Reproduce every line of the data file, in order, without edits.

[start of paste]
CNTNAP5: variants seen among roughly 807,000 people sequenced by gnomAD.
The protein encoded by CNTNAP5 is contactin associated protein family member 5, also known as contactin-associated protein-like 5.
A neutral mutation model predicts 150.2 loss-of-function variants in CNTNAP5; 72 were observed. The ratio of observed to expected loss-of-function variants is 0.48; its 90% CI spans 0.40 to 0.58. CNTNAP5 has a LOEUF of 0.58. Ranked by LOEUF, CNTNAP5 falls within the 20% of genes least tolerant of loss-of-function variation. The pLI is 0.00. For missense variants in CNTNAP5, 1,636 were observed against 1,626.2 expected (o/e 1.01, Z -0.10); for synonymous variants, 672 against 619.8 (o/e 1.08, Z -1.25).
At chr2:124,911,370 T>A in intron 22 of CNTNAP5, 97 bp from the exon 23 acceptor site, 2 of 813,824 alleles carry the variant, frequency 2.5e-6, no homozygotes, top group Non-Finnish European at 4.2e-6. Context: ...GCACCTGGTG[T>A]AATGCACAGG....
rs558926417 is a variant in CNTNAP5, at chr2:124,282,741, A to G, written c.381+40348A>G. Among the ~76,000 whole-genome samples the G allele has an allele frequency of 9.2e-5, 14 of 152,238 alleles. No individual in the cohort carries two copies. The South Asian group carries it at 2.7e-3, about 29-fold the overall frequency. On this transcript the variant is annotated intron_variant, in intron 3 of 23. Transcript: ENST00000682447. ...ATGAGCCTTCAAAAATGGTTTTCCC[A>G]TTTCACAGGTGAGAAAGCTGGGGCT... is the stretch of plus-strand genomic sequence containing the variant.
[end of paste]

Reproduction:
CNTNAP5: variants seen among roughly 807,000 people sequenced by gnomAD.
The protein encoded by CNTNAP5 is contactin associated protein family member 5, also known as contactin-associated protein-like 5.
A neutral mutation model predicts 150.2 loss-of-function variants in CNTNAP5; 72 were observed. The ratio of observed to expected loss-of-function variants is 0.48; its 90% CI spans 0.40 to 0.58. CNTNAP5 has a LOEUF of 0.58. Ranked by LOEUF, CNTNAP5 falls within the 20% of genes least tolerant of loss-of-function variation. The pLI is 0.00. For missense variants in CNTNAP5, 1,636 were observed against 1,626.2 expected (o/e 1.01, Z -0.10); for synonymous variants, 672 against 619.8 (o/e 1.08, Z -1.25).
At chr2:124,911,370 T>A in intron 22 of CNTNAP5, 97 bp from the exon 23 acceptor site, 2 of 813,824 alleles carry the variant, frequency 2.5e-6, no homozygotes, top group Non-Finnish European at 4.2e-6. Context: ...GCACCTGGTG[T>A]AATGCACAGG....
rs558926417 is a variant in CNTNAP5, at chr2:124,282,741, A to G, written c.381+40348A>G. Among the ~76,000 whole-genome samples the G allele has an allele frequency of 9.2e-5, 14 of 152,238 alleles. No individual in the cohort carries two copies. The South Asian group carries it at 2.7e-3, about 29-fold the overall frequency. On this transcript the variant is annotated intron_variant, in intron 3 of 23. Transcript: ENST00000682447. ...ATGAGCCTTCAAAAATGGTTTTCCC[A>G]TTTCACAGGTGAGAAAGCTGGGGCT... is the stretch of plus-strand genomic sequence containing the variant.